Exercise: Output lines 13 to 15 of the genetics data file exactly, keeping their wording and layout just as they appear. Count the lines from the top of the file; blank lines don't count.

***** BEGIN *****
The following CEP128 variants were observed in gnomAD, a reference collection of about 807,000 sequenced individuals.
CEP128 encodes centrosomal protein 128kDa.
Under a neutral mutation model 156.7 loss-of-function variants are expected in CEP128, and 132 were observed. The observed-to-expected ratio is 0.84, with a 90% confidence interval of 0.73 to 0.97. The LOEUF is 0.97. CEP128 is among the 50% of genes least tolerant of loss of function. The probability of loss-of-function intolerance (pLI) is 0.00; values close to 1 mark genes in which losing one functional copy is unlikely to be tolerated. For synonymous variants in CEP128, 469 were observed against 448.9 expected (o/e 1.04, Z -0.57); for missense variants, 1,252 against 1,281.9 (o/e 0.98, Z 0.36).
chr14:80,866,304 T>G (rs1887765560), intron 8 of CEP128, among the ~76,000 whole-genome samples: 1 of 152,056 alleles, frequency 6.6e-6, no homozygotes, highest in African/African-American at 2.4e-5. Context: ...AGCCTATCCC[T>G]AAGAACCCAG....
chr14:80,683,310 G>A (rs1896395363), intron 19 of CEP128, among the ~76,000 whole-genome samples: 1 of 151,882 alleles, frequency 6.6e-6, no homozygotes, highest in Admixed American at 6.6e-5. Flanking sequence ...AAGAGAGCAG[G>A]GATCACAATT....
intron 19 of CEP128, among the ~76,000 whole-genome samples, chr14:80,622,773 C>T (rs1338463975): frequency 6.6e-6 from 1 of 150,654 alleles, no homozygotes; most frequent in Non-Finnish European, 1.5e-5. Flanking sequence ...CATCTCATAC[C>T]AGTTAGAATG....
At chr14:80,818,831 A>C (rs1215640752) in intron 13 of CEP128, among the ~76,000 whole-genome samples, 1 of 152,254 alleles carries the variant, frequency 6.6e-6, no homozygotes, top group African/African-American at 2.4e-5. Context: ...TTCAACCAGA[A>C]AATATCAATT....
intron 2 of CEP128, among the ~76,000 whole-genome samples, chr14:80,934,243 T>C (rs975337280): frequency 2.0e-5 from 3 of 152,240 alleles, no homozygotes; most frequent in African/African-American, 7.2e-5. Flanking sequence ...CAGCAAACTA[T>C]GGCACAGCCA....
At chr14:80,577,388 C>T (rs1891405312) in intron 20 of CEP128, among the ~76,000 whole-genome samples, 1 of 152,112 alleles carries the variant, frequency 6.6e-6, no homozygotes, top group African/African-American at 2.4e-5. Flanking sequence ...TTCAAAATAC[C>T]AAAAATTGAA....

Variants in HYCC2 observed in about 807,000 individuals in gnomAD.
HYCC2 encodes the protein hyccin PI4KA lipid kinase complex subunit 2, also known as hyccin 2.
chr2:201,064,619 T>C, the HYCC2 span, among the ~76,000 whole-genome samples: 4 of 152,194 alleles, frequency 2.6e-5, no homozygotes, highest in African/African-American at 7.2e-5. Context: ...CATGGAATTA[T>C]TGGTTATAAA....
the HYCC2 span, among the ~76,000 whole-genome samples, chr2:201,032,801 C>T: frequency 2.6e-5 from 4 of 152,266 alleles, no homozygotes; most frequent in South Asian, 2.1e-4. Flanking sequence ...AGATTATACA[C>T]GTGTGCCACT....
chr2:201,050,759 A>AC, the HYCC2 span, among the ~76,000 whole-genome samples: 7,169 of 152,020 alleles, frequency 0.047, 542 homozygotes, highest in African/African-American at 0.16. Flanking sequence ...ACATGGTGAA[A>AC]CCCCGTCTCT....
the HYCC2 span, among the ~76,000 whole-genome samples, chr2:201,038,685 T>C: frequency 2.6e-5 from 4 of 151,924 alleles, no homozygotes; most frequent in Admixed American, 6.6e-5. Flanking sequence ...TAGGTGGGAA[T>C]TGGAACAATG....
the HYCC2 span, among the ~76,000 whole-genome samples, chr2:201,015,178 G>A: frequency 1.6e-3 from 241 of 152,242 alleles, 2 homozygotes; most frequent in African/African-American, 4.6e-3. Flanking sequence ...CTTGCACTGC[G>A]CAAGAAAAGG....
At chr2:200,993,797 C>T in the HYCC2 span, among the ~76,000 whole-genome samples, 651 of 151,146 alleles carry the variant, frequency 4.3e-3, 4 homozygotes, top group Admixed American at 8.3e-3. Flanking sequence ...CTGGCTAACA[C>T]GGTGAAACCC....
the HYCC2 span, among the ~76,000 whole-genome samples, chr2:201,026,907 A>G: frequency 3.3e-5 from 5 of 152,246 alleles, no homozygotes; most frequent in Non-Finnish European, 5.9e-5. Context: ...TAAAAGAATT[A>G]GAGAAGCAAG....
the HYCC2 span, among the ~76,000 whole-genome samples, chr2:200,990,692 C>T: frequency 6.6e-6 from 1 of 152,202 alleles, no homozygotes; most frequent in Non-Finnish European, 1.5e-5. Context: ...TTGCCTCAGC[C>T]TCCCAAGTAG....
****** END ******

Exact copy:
the HYCC2 span, among the ~76,000 whole-genome samples, chr2:201,032,801 C>T: frequency 2.6e-5 from 4 of 152,266 alleles, no homozygotes; most frequent in South Asian, 2.1e-4. Flanking sequence ...AGATTATACA[C>T]GTGTGCCACT....
chr2:201,050,759 A>AC, the HYCC2 span, among the ~76,000 whole-genome samples: 7,169 of 152,020 alleles, frequency 0.047, 542 homozygotes, highest in African/African-American at 0.16. Flanking sequence ...ACATGGTGAA[A>AC]CCCCGTCTCT....
the HYCC2 span, among the ~76,000 whole-genome samples, chr2:201,038,685 T>C: frequency 2.6e-5 from 4 of 151,924 alleles, no homozygotes; most frequent in Admixed American, 6.6e-5. Flanking sequence ...TAGGTGGGAA[T>C]TGGAACAATG....